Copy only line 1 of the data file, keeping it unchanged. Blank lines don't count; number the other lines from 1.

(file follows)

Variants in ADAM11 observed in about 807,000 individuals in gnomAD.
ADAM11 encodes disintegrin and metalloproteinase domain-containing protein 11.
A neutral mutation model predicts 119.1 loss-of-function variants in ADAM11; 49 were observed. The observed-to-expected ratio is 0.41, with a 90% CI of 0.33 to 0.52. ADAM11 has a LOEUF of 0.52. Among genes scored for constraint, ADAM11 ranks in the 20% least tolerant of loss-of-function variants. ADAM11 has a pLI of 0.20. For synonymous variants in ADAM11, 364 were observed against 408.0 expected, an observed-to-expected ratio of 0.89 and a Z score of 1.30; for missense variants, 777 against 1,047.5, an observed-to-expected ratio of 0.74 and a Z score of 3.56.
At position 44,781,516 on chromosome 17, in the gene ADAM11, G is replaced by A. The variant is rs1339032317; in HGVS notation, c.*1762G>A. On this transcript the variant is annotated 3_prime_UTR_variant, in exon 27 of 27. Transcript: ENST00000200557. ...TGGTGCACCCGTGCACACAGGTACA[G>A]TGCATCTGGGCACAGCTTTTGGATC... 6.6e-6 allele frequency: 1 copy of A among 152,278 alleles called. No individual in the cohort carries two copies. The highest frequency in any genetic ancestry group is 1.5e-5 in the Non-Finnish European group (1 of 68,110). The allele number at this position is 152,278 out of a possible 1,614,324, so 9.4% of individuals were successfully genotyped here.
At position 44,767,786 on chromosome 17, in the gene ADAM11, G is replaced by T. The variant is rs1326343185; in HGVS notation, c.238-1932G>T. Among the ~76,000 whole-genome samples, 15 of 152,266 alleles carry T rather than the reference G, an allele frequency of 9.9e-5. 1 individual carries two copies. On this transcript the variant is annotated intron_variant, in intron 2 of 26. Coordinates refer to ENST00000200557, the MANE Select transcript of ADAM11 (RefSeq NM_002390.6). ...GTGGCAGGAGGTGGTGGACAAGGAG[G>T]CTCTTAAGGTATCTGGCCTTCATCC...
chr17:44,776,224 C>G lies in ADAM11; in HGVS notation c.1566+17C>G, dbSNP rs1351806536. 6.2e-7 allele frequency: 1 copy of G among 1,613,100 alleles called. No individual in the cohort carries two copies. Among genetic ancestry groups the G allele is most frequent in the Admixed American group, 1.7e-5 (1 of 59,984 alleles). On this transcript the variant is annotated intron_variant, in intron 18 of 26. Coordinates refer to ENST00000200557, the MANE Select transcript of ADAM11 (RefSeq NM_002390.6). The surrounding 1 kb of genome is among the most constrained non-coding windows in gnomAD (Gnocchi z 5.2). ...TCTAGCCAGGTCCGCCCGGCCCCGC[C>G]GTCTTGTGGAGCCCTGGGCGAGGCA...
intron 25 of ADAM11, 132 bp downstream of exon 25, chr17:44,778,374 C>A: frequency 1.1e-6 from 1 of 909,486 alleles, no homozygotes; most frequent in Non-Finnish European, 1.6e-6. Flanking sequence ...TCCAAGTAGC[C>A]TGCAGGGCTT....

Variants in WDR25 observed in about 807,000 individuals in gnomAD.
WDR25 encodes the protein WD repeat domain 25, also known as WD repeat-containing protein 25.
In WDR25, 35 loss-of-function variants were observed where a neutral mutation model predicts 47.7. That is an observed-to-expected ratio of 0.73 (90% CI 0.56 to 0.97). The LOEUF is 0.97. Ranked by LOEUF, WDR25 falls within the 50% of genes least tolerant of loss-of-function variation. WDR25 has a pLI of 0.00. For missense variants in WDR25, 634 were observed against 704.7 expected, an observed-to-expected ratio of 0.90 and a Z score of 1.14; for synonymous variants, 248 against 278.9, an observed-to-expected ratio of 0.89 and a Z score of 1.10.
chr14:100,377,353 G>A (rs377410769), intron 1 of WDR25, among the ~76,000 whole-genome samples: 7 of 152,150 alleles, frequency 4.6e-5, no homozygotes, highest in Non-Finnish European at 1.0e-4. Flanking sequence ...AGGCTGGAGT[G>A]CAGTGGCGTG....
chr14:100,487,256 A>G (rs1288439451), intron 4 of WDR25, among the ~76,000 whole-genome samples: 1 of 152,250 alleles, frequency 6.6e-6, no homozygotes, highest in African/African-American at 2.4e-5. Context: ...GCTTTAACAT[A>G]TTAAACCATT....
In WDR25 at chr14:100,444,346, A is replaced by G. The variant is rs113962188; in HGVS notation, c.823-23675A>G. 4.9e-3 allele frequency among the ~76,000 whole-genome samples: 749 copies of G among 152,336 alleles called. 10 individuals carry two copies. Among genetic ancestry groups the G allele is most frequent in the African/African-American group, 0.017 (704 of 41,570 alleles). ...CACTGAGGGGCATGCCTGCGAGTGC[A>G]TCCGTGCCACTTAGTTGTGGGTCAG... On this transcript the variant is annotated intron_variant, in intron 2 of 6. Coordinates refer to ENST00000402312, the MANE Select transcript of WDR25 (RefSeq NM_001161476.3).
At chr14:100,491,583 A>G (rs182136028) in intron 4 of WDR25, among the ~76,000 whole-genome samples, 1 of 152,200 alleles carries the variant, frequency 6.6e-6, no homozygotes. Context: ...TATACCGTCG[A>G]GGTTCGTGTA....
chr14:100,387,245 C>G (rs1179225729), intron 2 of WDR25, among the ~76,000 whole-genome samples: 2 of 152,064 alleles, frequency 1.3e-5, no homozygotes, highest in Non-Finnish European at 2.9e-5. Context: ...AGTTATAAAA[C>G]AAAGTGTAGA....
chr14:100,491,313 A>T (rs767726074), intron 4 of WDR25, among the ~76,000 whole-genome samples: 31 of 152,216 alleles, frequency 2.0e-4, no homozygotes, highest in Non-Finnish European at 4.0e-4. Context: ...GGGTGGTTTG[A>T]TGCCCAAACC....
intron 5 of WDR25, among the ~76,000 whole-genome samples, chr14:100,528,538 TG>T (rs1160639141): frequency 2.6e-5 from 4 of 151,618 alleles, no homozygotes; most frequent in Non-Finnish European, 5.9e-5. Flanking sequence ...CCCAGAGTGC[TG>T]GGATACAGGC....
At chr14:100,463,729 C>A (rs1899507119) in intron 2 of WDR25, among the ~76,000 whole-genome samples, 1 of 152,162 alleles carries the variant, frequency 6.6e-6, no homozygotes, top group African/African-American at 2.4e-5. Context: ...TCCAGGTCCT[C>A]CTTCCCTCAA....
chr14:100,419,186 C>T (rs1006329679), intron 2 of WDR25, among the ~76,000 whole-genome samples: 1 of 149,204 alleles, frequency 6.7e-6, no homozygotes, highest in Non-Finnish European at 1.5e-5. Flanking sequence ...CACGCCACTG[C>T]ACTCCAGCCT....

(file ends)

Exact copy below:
Variants in ADAM11 observed in about 807,000 individuals in gnomAD.